If you watch cable TV on the west coast, you’re probably watching The Devil Inside, a live paranormal investigation show on the WWWL@ network. In a world of race-to-the-bottom reality programming, The Devil Inside is your chance to see real murder – ghost hunters killing zombies and demons, like a gory, supernatural episode of Cops, while the Los Angeles studio audience cheers them on. It’s the network’s biggest hit.
Plenty of movies, games, television shows, and other works of fiction deal with the idea of watching sensationalist depravity as entertainment. When The Devil Inside came out in 2000, the concept was newly relevant. Reality TV was exploding; Survivor and Big Brother would debut in America that year. Audiences demanded more even as they criticized it. It was ripe for parody.
The Devil Inside looks like it’s going in that direction at first. The television studio is decked out in ironic glitz and brassy theme music, like a pre-apocalyptic Hunger Games. But once it gets rolling, it reveals itself to be a dingy horror game, one that embraces the exploitation themes you’d think it was joking about. » Read more about The Devil Inside
The educational TV show Eyewitness has an instantly memorable opening hook. The show is set in museum – not an ordinary museum, but a building where science and history literally come to life. Animals roam the halls, the exhibits defy gravity, and the computer-generated walls are a perfect, spotless shade of white. Eyewitness was based on a series of informational children’s books by Dorling Kindersley, and while the books had great pictures, on television, learning became a destination.
It makes so much sense to adapt Eyewitness into a computer program. CD-ROM adventure games in the mid-90s were playing with the idea of being physical places you could explore from a first-person perspective, and multimedia software was taking inspiration from that. The Eyewitness museum was a cool visual on the TV show, and now it could be a place you’d actually visit to learn about science. » Read more about Eyewitness Virtual Reality Earth Quest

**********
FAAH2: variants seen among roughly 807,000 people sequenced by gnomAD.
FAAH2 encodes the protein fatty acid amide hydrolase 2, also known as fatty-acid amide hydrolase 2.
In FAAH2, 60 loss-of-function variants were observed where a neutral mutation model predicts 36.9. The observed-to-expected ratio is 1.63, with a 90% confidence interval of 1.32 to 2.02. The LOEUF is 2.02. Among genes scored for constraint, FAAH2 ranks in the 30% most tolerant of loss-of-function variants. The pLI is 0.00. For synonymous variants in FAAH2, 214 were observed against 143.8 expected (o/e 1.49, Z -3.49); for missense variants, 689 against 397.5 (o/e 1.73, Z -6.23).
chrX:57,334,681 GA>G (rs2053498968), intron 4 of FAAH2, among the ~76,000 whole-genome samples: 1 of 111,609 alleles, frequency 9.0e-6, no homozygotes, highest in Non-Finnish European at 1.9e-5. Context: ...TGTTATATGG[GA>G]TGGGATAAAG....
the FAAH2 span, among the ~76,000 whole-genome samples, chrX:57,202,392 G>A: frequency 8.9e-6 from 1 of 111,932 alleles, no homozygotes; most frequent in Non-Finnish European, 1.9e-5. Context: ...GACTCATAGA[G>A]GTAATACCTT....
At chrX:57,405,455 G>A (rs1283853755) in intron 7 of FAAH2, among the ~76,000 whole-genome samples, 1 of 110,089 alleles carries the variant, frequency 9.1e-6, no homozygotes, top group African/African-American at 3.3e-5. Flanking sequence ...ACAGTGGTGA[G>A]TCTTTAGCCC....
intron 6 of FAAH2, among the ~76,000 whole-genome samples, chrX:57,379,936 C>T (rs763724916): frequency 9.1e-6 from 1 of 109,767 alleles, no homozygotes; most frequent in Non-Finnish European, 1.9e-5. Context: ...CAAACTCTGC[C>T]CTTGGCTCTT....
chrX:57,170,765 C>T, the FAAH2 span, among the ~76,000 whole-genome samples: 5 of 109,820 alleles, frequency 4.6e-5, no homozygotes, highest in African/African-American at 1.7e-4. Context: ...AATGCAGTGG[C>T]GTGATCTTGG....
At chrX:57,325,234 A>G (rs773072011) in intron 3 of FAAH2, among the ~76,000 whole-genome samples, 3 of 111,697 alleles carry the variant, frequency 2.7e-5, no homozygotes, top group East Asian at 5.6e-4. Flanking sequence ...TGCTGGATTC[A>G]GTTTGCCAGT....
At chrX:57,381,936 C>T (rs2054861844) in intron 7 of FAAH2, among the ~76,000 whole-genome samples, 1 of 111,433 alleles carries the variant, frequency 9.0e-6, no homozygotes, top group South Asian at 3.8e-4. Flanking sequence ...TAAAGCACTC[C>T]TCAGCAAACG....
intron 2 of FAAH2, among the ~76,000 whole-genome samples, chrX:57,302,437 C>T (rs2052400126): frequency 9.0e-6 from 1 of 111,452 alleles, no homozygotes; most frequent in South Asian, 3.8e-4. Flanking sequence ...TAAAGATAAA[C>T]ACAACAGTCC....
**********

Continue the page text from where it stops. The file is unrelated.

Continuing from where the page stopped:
This post is fairly late, but hopefully you still have an opportunity to participate in the Lost Histories Jam!
When we talk about the history of games, there tends to be a focus on famous milestone games, people, and companies. But gaming history is so much more than a list of greatest hits, and this week is a chance to fill in some of the gaps from our own experiences. From now through Saturday, February 16 [UPDATE: extended to Sunday], Emilie Reed is running a writing jam about lost video game history, specifically personal histories, the ways that we’ve interacted with games that aren’t reflected in conventional stories of video game history. Quoting Reed:
Just think about it, what was something specific to the way that you played or experienced videogames that you feel like hardly anyone ever talks about? How can the community-based, experiential, specific, overlooked and personal enrich the common-knowledge history of videogames?
I’m extremely late posting this with only 3 1/2 days to go before the end of the writing jam, but that might be enough time for you to collect some thoughts about how your own experiences can inform the history of video games.
Even if you can’t enter, you can read along as folks add their entries to the Submissions page. I’ve already submitted mine, a rambling, stream-of-consciousness essay about the Mario fangame community where I spent my teenage years, viewed from the lens of a series of really bad games I helped make. It was awkward to write something so personal, but I think it’s worth opening a window to that and examining it.
Take some time on Saturday morning to write about something unique in your personal history with games and submit it to the writing jam! (I’m sure if you go over the deadline that’s okay!)